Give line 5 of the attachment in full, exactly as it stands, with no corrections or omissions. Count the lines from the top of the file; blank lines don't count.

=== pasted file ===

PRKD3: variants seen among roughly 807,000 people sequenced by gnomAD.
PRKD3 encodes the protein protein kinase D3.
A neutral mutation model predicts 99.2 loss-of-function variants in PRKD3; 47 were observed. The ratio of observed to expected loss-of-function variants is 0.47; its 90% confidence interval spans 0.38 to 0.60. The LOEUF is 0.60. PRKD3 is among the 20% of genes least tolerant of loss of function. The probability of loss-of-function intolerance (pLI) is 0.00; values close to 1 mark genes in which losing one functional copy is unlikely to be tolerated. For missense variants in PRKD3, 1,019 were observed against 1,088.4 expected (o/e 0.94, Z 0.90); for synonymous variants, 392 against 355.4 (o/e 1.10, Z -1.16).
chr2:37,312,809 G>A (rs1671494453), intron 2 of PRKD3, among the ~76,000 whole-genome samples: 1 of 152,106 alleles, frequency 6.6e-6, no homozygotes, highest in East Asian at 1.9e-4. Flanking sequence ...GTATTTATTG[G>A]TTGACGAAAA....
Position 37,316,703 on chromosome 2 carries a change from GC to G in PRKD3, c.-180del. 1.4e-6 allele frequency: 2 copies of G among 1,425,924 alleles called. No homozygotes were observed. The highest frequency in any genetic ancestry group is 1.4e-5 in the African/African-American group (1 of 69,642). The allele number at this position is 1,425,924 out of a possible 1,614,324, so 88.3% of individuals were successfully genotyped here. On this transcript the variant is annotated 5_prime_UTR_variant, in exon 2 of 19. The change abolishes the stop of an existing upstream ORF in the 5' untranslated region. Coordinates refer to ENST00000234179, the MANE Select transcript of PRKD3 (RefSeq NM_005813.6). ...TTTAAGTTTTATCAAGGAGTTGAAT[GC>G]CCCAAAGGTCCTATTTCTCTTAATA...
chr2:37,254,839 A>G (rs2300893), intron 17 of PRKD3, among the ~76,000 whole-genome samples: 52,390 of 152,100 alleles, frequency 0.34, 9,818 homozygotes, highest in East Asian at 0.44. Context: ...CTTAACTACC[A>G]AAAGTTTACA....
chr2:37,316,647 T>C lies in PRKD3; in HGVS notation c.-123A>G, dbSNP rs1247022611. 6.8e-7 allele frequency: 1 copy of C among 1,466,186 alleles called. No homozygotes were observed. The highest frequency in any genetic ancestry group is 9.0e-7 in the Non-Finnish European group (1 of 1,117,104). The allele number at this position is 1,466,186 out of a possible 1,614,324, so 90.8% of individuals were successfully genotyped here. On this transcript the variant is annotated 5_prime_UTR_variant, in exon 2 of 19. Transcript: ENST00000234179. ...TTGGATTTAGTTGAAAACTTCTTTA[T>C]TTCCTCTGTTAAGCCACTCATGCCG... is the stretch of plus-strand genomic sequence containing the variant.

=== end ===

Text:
Position 37,316,703 on chromosome 2 carries a change from GC to G in PRKD3, c.-180del. 1.4e-6 allele frequency: 2 copies of G among 1,425,924 alleles called. No homozygotes were observed. The highest frequency in any genetic ancestry group is 1.4e-5 in the African/African-American group (1 of 69,642). The allele number at this position is 1,425,924 out of a possible 1,614,324, so 88.3% of individuals were successfully genotyped here. On this transcript the variant is annotated 5_prime_UTR_variant, in exon 2 of 19. The change abolishes the stop of an existing upstream ORF in the 5' untranslated region. Coordinates refer to ENST00000234179, the MANE Select transcript of PRKD3 (RefSeq NM_005813.6). ...TTTAAGTTTTATCAAGGAGTTGAAT[GC>G]CCCAAAGGTCCTATTTCTCTTAATA...